One hundred and five years ago, ethnic conflicts that had been simmering since the Civil War ended came to a boil along the banks of the Shenandoah River in West Virginia. A conversation yesterday with a researcher documenting aspects of African American life in the area where West Virginia, Maryland, and Virginia meet reminded me of the story of the 1906 lynching of Ed Howell.
“Edward Howell, colored, shot and killed George Fauver, white, near Fairmont schoolhouse, across the Shenandoah river [sic.] from Myerstown at dusk Wednesday night,” reported a Jefferson County, West Virginia, newspaper January 18, 1906.
Howell allegedly shot Fauver because the latter repeatedly watered his livestock in a spring the Howell family used for its drinking and cooking water. The same paper reported that the day Fauver was shot the white man was again watering his horses in the spring and allowing the animals to “trample dirt into it.” Howell encountered Fauver at the spring. “Howell met him and, it is said, Fauver used insulting language to Howell, who secured a rifle and shot him in the breast.”
The day after shooting Fauver, Howell surrendered himself to the authorities and he was jailed. Three months later, the same paper that reported Fauver’s shooting at the spring reported another death. “Edward Howell, colored, in jail here awaiting trial for the killing of George Fauver, white, on the east side of the Shenandoah river [sic.], in January last, committed suicide Wednesday morning by hanging.”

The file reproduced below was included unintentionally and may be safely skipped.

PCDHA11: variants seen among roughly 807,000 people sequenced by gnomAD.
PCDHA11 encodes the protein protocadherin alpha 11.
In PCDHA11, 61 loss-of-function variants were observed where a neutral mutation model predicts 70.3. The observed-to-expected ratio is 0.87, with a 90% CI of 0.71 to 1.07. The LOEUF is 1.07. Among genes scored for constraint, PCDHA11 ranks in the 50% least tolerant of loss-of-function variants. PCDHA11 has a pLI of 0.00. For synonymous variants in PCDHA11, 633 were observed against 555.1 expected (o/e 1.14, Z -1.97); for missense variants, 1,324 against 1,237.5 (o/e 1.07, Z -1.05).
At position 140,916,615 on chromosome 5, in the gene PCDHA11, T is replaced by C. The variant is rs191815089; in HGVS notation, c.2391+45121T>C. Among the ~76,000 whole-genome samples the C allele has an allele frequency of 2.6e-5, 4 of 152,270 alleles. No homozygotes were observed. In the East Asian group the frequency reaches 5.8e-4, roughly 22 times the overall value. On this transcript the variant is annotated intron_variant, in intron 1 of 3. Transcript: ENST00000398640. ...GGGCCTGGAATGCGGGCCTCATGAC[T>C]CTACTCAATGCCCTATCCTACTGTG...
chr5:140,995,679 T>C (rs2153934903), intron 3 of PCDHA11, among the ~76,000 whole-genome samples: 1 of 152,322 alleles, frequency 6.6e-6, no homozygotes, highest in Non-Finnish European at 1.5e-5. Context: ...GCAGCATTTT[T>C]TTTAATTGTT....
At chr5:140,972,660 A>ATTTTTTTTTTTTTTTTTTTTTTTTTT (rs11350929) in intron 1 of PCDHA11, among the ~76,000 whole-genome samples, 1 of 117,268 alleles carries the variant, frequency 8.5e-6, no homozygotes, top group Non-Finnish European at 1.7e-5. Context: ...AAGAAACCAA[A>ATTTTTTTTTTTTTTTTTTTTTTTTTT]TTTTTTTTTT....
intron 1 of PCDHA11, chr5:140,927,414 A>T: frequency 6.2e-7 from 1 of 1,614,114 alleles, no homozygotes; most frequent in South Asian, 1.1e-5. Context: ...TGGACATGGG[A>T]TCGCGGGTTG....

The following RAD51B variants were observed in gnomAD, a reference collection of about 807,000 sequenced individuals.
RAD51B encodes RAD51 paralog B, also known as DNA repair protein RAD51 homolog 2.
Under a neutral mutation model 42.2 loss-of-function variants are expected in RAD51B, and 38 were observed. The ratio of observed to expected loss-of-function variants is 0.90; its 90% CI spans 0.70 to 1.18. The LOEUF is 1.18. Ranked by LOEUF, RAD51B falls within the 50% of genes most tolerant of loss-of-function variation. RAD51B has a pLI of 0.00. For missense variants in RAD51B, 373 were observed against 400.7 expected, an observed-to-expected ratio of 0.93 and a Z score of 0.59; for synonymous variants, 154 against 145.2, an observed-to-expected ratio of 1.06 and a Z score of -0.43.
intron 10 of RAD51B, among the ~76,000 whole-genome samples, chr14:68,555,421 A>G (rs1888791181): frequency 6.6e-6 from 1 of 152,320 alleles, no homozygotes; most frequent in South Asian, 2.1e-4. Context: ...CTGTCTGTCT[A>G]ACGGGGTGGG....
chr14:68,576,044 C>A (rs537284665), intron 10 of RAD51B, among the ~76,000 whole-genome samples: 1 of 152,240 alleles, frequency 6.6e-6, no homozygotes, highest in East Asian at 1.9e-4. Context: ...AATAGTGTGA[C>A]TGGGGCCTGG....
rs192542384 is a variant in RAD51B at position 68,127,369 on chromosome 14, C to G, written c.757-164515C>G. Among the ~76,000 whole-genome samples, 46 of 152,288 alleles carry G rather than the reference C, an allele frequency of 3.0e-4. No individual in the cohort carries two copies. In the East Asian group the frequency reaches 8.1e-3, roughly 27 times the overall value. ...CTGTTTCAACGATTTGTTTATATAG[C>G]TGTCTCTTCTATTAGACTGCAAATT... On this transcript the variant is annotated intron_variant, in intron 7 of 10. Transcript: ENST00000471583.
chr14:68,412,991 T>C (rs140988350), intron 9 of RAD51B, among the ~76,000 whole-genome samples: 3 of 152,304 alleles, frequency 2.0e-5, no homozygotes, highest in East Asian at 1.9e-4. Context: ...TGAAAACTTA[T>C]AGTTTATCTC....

The 1906 incidents are recounted by African Americans and whites throughout Jefferson County, West Virginia. An oral history project sponsored by the NAACP recorded several versions of the event. The project culminated with a 1993 report that described a lengthy feud between the Howell and Fauver families.
The 1906 murder by the spring and Ed Howell’s death while in custody survive as oral traditions with differing versions told by each man’s descendants. One of Ed Howell’s great grandchildren once told me, “I was just shocked to find that it was a rumor still alive in the white community as recently as a couple of years ago.”
Ed Howell’s family firmly believes that he was lynched in his jail cell only three days before the start of his trial. The white newspaper of the time and white residents living in Jefferson County near the turn of the 21st century steadfastly maintain that Howell hung himself with his dirty underwear.
Each year in the last quarter of the twentieth century, members of Edward Howell’s extended family held family reunions on the banks of the Shenandoah River. Ed Howell’s kin swap stories about births and deaths, share meals, and catch up on each others’ lives. They also recount the fateful period in 1906 when Ed Howell shot George Fauver.
The stories, white and black, are inextricably tied to the hillsides flanking the Shenandoah River. They are tied to recognizable places in the landscape and they are highly significant to the historically disenfranchised African Americans who have lived in Jefferson County since the end of the Civil War.
“The official history – one of my former college professors … hardly ever mentions blacks,” explained one of Howell’s great-grandchildren. “I mean here we’ve been here all this time and in the numbers we’ve been and still we never figure in the history. And when you think about slavery and the fact that free labor built many of these places around here, still, we were ignored. So it was just good to have that unofficial history at any rate.” That unofficial history includes the old Howell home place, the banks of the Shenandoah River, and the spring where the feud between the Howells and the Fauvers and the tensions between white and black were played out one winter day in 1906.